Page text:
Lasting appeal
If this is your jam, you'll find something you can play for a long time.

The music is epic, but I couldn't hum a specific tune if you asked me to.

Black Desert Online is one of the best looking MMOs in operation today.

An absolutely beautiful MMO from developer Pearl Abyss. The beauty is backed by a complex sandbox MMO that offers a lot of freedom, but doesn't explain its systems to players all that well. If you're into starting up a second fantasy life and have the time to spend learning the mechanics, Black Desert Online might be the game for you.


Sometimes we include links to online retail stores. If you click on one and make a purchase we may receive a small commission. See our terms & conditions.

Mike Williams

Reviews Editor

M.H. Williams is new to the journalism game, but he's been a gamer since the NES first graced American shores. Third-person action-adventure games are his personal poison: Uncharted, Infamous, and Assassin's Creed just to name a few. If you see him around a convention, he's not hard to spot: Black guy, glasses, and a tie.

Related articles

Call of Duty: Black Ops Cold War Review: Status Quo With a Slick Paranoiac Sheen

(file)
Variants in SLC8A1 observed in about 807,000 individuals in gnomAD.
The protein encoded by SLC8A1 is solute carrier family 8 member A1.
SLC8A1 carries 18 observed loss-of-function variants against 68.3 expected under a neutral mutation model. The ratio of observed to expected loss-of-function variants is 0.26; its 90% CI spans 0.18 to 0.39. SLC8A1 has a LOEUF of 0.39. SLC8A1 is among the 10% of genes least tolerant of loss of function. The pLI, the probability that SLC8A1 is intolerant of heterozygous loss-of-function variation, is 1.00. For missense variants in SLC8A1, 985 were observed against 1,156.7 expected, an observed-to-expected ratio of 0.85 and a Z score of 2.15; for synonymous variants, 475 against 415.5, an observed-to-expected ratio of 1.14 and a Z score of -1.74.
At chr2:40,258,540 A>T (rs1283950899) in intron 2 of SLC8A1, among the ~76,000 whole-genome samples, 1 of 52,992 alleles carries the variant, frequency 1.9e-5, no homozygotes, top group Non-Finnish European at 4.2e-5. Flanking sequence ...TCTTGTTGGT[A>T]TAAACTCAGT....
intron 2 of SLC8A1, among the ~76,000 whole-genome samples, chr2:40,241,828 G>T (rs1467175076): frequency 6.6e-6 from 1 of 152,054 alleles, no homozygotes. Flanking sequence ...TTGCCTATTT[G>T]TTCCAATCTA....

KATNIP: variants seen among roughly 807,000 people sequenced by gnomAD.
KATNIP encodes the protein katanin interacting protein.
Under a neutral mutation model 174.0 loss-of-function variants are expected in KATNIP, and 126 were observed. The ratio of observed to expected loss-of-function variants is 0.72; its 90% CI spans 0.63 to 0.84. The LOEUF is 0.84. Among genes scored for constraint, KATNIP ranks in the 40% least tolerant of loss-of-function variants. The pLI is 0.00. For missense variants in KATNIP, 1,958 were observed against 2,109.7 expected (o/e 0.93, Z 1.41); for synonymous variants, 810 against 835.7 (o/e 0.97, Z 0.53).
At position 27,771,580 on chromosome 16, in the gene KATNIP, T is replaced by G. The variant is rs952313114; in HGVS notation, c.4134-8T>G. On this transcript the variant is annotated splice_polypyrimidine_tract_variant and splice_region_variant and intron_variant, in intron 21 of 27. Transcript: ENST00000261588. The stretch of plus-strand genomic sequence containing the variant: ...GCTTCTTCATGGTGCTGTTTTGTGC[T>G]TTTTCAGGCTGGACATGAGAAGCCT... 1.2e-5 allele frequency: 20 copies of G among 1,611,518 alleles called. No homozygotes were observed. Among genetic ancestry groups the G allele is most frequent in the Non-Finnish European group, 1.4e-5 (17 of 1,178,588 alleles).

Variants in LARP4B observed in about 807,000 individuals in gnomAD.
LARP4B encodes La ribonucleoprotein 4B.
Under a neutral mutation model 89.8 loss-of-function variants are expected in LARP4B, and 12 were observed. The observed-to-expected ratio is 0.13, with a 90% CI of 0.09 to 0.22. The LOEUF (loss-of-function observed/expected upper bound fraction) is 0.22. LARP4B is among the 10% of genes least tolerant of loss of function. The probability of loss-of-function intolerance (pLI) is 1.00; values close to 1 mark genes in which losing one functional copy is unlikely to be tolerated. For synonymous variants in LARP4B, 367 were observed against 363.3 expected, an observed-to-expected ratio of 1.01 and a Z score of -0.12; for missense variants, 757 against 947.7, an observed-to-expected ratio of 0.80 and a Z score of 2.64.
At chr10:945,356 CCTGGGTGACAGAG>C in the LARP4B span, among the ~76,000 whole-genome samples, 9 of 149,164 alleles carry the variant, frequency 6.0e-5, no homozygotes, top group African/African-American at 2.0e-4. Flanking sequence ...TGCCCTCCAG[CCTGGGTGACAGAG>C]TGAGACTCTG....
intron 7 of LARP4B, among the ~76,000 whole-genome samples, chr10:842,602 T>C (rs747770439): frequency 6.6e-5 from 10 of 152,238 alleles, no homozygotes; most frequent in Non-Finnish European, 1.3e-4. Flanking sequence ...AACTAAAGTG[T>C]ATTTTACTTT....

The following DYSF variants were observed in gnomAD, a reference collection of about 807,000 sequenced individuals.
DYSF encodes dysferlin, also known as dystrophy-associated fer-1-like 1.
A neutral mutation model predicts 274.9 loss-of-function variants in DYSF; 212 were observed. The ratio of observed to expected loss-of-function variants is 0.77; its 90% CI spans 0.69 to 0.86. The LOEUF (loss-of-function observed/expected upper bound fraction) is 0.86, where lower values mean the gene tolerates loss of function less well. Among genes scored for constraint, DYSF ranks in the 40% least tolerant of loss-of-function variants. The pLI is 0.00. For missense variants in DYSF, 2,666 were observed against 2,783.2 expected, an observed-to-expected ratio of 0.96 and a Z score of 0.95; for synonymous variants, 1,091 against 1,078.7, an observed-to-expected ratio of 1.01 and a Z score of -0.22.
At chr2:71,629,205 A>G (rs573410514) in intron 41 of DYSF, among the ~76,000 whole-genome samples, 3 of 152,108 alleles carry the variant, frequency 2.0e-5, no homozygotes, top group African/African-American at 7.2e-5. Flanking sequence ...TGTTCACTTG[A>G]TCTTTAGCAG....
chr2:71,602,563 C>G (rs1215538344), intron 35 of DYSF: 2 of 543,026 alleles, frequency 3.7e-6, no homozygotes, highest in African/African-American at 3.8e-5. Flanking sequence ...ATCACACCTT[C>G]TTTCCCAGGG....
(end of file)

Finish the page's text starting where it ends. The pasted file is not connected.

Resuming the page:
A showcase of how limited even a good Call of Duty can be.

Hyrule Warriors: Age of Calamity Review: Good Times in the End Times

Hyrule Warriors: Age of Calamity shows you a good time in Calamity Ganon's looming shadow.

Demon’s Souls Remake Review: The World Mended

The perfect hardcore launch title.

Yakuza: Like a Dragon Review: An Epic Dragon's Quest

The Yakuza series treads new ground, finding its next legend in the process.

You may also like

Cuphead's Delicious Last Course Pushed Back Until It's Ready

The final sip will need to steep a while longer.

Super Mario Maker Support on Wii U is Coming to an End Next Year

That means it'll also be removed from the eShop soon.

Microsoft Is Working to "Identify and Resolve" Performance Issues in Xbox Series X Games

A Microsoft spokesperson says that developers are "just now scratching the surface" of what the new Xbox consoles can do.

Metro Exodus Is Getting a Next-Gen Version Next Year

4A Games is also working on the next Metro and exploring potential for multiplayer.